Format

Send to

Choose Destination
Alzheimers Res Ther. 2016 Nov 15;8(1):47.

Effect of concomitant use of memantine on mortality and efficacy outcomes of galantamine-treated patients with Alzheimer's disease: post-hoc analysis of a randomized placebo-controlled study.

Author information

1
Clinic for Medicine of the Elderly, Hannover, Germany.
2
Janssen Research and Development, LLC, Titusville, NJ, USA. abaseman@its.jnj.com.
3
Janssen Research and Development, LLC, 850 Ridgeview Drive, Horsham, PA, 19044, USA. abaseman@its.jnj.com.
4
Janssen Research and Development, LLC, Titusville, NJ, USA.
5
The Mount Sinai Medical Center, New York, NY, USA.
6
Synaptec Inc, Palm Beach Gardens, FL, USA.

Abstract

BACKGROUND:

A large, prospective, 2-year, randomized study in patients with mild-to-moderate Alzheimer's disease or mixed dementia demonstrated reductions in mortality and cognitive/functional decline in galantamine-treated patients. A post-hoc analysis was conducted to study the effect of (the presence or absence of) concomitant memantine use on treatment outcome.

METHODS:

Randomized patients (N = 2045) were divided into subgroups based on memantine use. Analyses included demographic and clinical characteristics (age, nursing home placement, Mini-Mental State Examination (MMSE) and Disability Assessment for Dementia (DAD) scores) and mortality endpoints.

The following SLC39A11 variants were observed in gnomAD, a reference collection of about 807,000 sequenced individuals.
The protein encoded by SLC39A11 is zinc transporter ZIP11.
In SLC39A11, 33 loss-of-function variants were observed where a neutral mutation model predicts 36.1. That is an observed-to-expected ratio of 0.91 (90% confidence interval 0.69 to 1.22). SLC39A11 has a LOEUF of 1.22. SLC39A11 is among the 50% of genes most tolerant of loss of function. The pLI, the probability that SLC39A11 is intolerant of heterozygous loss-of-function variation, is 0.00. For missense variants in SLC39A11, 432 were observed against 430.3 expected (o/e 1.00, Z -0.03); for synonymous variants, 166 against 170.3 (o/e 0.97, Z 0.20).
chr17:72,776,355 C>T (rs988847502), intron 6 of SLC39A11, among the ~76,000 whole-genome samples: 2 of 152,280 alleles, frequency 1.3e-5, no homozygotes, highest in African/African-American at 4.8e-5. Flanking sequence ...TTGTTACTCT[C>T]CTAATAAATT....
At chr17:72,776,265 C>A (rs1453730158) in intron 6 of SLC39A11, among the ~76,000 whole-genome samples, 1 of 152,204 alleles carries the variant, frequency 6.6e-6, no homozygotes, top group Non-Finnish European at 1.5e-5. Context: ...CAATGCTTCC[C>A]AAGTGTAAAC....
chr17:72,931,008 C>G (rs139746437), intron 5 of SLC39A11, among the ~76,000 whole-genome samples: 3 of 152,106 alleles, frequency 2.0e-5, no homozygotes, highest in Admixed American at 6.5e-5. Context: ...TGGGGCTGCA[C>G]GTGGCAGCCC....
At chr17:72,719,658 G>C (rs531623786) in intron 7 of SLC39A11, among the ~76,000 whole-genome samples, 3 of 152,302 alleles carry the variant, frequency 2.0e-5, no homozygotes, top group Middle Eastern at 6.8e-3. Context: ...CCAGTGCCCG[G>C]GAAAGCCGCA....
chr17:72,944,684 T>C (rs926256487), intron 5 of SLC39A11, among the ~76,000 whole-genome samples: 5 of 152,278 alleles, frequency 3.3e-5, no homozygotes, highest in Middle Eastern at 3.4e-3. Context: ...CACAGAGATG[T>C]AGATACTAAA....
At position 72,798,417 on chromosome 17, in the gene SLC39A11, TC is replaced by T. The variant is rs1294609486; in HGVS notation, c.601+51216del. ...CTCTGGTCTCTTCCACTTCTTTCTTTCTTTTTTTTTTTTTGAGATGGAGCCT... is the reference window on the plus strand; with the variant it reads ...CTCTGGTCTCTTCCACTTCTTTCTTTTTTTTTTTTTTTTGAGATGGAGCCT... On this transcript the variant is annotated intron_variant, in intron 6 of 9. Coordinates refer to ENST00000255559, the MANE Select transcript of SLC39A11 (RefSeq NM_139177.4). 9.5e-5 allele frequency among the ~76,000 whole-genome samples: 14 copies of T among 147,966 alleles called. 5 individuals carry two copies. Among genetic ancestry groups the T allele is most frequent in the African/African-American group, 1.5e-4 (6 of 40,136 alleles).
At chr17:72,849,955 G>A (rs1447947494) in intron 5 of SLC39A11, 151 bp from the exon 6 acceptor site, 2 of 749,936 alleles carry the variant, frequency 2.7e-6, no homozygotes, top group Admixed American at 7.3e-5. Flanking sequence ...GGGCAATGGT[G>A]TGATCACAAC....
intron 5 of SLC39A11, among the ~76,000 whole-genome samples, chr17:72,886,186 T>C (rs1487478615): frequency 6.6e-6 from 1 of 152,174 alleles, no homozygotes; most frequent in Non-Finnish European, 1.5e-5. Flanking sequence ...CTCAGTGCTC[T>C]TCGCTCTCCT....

RESULTS:

Overall, 496 (24.3 %) patients were memantine users and were older (mean (SD), 74.0 (8.76) vs 72.8 (8.76), p = 0.008), with lower MMSE scores (18.2 (4.16) vs 19.2 (4.02), p < 0.0001) and DAD scores (58.0 (23.49) vs 62.5 (20.52), p < 0.0001) than nonusers. Mortality rates (per 100 patient-years) in memantine nonusers (n = 1549) were lower for galantamine (1.39) vs placebo-treated patients (4.15). In memantine users, mortality rates were similar for placebo-treated (4.49) and galantamine-treated patients (5.57). In memantine nonusers at 24 months, the decline in MMSE scores (effect size (95 % CI) 0.25 (0.14; 0.36)) and DAD scores (0.17 (0.06; 0.28)) from baseline was lower in galantamine patients vs placebo patients. The absence of these benefits in memantine users could not be explained by baseline age, MMSE, or DAD scores.

CONCLUSION:

This post-hoc analysis shows that the beneficial effects of galantamine at 2 years post treatment were not observed in patients who had been placed on background memantine. The reasons for memantine treatment and the possibility of interaction between memantine and galantamine merit further investigation.

TRIAL REGISTRATION:

ClinicalTrials.gov NCT00679627 . Registered 15 May 2008.

KEYWORDS:

Alzheimer’s disease; Baseline scores; Galantamine; Memantine; Mortality

PMID:
27846868
PMCID:
PMC5111338
DOI:
10.1186/s13195-016-0214-x
[Indexed for MEDLINE]
Free PMC Article

Supplemental Content

Full text links

Icon for BioMed Central Icon for PubMed Central
Loading ...
Support Center